If you’re looking to learn how to stash your changes in Git, you’ve come to the right place. As a simple explanation, stashing allows you to save your file changes for later.
GitTip: Not sure how to commit in Git? Check out our quick tutorial video before you get started with stashing.
But let’s say you’re in a situation where you’re in the middle of working on changes and are interrupted by a request to checkout a different branch, maybe to help a colleague, but you're not ready to commit your changes.
Or, maybe you discover you have the wrong branch checked out and the changes you’re working on actually need to be committed to another branch.
Here is where the Git stash command comes in. Creating a stash in Git saves uncommitted changes so you can work on other things in your repository without losing your work.
When you’re ready to reapply your changes, you will have the option to apply or pop your stash to your currently checked out branch.
Git stash apply will take the changes you have stored in a stash and apply them to the working directory of your currently checked out branch and will also keep the stash intact.
Git stash pop will also apply your stashed changes to the working directory of your currently checked out branch but will delete the stash after the changes have been applied.
Stashing changes in Git can be extremely helpful when you’re collaborating, giving you extra time to work on your changes without feeling rushed before you share them with team members. However, it’s important to note: while stashing is useful for temporarily storing changes, stashing changes is not a substitute for committing changes. Stashing in Git should be done in moderation; overusing this tool can make it hard to keep track of which saved changes are where.
We’re going to walk through how to stash changes using the powerful GitKraken Git GUI before reviewing how to Git stash in the command line.
In this example, let’s say you have a feature branch checked out and are going to make a few edits to a file. But wait! You’ve just realized you meant to commit these changes on a different branch.
Before you stash your changes, let’s first type a name into the WIP node. Now, when you click the Stash icon in the top toolbar, GitKraken will stash your changes with the name you’ve set.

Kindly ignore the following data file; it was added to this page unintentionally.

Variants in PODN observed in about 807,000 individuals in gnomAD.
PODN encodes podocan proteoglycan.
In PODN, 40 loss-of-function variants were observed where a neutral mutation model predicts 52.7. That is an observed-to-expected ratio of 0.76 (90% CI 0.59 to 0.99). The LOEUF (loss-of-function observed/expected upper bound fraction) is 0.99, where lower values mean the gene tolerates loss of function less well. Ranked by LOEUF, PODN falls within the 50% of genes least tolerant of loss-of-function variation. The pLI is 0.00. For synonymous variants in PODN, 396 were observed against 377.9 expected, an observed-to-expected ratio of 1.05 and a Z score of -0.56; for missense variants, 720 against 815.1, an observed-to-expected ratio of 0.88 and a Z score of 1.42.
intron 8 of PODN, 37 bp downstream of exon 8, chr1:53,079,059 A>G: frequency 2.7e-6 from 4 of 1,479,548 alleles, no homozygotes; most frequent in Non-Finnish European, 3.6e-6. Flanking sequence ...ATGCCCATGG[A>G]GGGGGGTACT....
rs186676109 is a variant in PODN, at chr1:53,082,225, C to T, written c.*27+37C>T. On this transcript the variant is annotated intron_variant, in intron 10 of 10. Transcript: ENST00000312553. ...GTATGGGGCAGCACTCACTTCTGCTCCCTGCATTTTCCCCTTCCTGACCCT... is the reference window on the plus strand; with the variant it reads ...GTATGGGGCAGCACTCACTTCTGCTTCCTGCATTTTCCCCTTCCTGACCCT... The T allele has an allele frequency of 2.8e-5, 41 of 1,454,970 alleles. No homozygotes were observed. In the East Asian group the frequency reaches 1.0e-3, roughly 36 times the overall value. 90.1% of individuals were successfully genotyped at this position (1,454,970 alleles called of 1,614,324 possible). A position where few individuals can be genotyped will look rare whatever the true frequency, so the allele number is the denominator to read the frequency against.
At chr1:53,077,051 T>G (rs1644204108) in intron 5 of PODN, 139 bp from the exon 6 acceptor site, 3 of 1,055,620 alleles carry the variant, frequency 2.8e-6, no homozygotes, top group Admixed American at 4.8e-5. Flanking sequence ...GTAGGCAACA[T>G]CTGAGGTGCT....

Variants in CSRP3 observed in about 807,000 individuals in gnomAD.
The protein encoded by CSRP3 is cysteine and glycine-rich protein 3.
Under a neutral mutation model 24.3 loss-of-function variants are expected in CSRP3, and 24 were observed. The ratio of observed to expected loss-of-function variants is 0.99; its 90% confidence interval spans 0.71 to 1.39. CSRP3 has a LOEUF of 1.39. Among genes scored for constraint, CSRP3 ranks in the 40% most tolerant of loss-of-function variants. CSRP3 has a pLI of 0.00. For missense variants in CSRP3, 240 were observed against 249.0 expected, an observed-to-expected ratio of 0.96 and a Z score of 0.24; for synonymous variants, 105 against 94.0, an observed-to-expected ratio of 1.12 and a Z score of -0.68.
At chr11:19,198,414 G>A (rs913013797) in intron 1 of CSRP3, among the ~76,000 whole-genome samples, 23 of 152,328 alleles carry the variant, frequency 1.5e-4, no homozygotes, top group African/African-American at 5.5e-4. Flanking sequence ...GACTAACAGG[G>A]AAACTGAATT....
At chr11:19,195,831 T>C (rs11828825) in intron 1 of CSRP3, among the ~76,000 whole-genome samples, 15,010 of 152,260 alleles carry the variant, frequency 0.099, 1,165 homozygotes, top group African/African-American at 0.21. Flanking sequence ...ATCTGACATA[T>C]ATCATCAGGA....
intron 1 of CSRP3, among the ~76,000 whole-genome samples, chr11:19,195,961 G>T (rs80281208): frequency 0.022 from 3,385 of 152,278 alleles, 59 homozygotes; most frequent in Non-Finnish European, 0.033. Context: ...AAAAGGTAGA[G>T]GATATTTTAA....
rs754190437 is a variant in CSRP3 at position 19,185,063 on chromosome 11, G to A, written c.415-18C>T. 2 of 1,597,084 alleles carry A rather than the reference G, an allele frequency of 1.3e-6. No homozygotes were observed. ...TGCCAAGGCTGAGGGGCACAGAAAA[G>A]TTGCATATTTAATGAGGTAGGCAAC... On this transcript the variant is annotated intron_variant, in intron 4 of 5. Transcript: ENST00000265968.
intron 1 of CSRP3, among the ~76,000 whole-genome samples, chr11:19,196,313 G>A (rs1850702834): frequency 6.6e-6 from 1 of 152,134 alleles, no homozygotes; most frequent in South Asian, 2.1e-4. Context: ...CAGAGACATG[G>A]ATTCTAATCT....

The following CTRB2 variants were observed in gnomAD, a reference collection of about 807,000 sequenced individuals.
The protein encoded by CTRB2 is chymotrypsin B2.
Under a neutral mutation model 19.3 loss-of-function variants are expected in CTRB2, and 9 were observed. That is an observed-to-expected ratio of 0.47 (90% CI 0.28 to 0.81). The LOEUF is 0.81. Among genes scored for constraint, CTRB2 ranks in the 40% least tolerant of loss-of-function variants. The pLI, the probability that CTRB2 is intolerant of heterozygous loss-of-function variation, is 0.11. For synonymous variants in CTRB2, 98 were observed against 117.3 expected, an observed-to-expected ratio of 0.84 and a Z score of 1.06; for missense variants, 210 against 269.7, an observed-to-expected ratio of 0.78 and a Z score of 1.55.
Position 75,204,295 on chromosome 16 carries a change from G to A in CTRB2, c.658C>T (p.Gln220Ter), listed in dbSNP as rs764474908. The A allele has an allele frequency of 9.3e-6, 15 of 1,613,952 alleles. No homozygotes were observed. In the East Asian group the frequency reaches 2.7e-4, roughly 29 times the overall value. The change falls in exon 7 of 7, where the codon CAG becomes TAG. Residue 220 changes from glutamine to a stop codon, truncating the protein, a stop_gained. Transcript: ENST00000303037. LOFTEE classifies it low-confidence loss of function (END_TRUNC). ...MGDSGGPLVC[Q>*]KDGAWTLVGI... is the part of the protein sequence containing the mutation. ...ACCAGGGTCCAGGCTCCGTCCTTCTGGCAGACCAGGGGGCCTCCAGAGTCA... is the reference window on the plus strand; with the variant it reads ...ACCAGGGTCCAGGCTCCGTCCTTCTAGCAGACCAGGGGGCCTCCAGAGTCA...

GitKraken’s UI was thoughtfully designed to provide as much visibility as possible, so you can clearly see what’s going on in your repositories. Tracking your stashed changes in GitKraken is easy and convenient; stashes are detonated with a 📥 icon so you can immediately distinguish them on your graph.
Clicking on the stash icon from the graph will allow you to see its saved contents in the commit panel on the right.
You can also quickly see a list of your stashes in the left panel.
If you wish to apply your stashed changes but keep the stash intact, you can right-click the stash from the central graph in GitKraken and select Apply Stash from the context menu.
To pop your stashed changes in GitKraken, you will double-click your target branch—where you want your changes applied—to checkout that branch. Then you will simply hit Pop in the top toolbar. This will apply your stashed changes onto the correct branch and delete your stash. And from here, you can move forward with committing your changes.
To stash uncommitted local changes in Git using the terminal, you will simply run the Git stash command. This will put your working copy in a clean state and allow you to run different commands, such as Git checkout or Git pull.
If you wish to see the contents of your most recent stash, you can run:
git stash show
But, what if you wanted to view the contents of an older stash? To do this, you will first have to run:
git stash list
The Git stash list command will pull up a list of your repository’s stashes. Git will display all of your stashes and a corresponding stash index.
Now, if you wish to view the contents of a specific stash, you can run the Git stash show command followed by stash@ and the desired index.
git stash show stash@<index>
For the remainder of this article, we’re going to assume you’re working with your most recent stash, but you can always utilize this syntax with other Git stash commands as needed.
In this Git stash example, let’s say you stashed changes and then went on to finish other tasks in your repository. Now, how do you go about getting those stashed changes back? There are two paths to choose from to get your stashed changes back into your working repository.
If you want to get your stashed changes back but want to keep the stash intact, you will use the Git stash apply command. This will take the changes of your most recent stash and apply them to your repository and preserve the stash.
git stash apply
In the case that you wish to get your stashed changes back but do not want to keep your stash intact, you will instead use the Git stash pop command. Similar to Git stash apply, Git stash pop will apply your most recent stash to your repository but will remove the contents of the latest stash for you afterwards.
git stash pop
GitKraken’s intuitive UI makes tracking the stashes in your repository ridiculously easy by denoting each stash with an icon in the central graph, no need to find or remember stash indexes.
Never lose track of stashed changes again. Download the legendary cross-platform GitKraken Git client for Windows, Mac, & Linux.